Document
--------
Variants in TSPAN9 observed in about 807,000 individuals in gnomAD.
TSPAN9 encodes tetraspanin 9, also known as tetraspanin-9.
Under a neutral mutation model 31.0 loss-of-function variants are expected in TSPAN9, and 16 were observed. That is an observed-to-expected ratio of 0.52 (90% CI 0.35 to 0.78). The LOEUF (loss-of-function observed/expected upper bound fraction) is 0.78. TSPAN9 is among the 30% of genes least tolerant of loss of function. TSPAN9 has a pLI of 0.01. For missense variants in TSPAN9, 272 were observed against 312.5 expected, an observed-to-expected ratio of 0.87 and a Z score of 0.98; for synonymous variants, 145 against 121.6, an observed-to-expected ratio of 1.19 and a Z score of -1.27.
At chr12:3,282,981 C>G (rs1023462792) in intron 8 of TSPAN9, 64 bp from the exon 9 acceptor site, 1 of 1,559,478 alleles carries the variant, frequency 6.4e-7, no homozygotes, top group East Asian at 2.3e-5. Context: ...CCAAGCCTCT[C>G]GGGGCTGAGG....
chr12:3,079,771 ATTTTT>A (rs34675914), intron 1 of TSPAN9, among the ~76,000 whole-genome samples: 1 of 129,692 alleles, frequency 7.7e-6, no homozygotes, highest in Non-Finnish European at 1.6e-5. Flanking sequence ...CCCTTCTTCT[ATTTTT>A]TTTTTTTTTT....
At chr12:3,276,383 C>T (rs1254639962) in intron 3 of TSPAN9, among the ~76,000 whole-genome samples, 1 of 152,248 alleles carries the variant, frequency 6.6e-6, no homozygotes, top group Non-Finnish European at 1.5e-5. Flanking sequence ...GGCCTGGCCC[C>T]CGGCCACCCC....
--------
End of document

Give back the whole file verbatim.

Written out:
Variants in TSPAN9 observed in about 807,000 individuals in gnomAD.
TSPAN9 encodes tetraspanin 9, also known as tetraspanin-9.
Under a neutral mutation model 31.0 loss-of-function variants are expected in TSPAN9, and 16 were observed. That is an observed-to-expected ratio of 0.52 (90% CI 0.35 to 0.78). The LOEUF (loss-of-function observed/expected upper bound fraction) is 0.78. TSPAN9 is among the 30% of genes least tolerant of loss of function. TSPAN9 has a pLI of 0.01. For missense variants in TSPAN9, 272 were observed against 312.5 expected, an observed-to-expected ratio of 0.87 and a Z score of 0.98; for synonymous variants, 145 against 121.6, an observed-to-expected ratio of 1.19 and a Z score of -1.27.
At chr12:3,282,981 C>G (rs1023462792) in intron 8 of TSPAN9, 64 bp from the exon 9 acceptor site, 1 of 1,559,478 alleles carries the variant, frequency 6.4e-7, no homozygotes, top group East Asian at 2.3e-5. Context: ...CCAAGCCTCT[C>G]GGGGCTGAGG....
chr12:3,079,771 ATTTTT>A (rs34675914), intron 1 of TSPAN9, among the ~76,000 whole-genome samples: 1 of 129,692 alleles, frequency 7.7e-6, no homozygotes, highest in Non-Finnish European at 1.6e-5. Flanking sequence ...CCCTTCTTCT[ATTTTT>A]TTTTTTTTTT....
At chr12:3,276,383 C>T (rs1254639962) in intron 3 of TSPAN9, among the ~76,000 whole-genome samples, 1 of 152,248 alleles carries the variant, frequency 6.6e-6, no homozygotes, top group Non-Finnish European at 1.5e-5. Flanking sequence ...GGCCTGGCCC[C>T]CGGCCACCCC....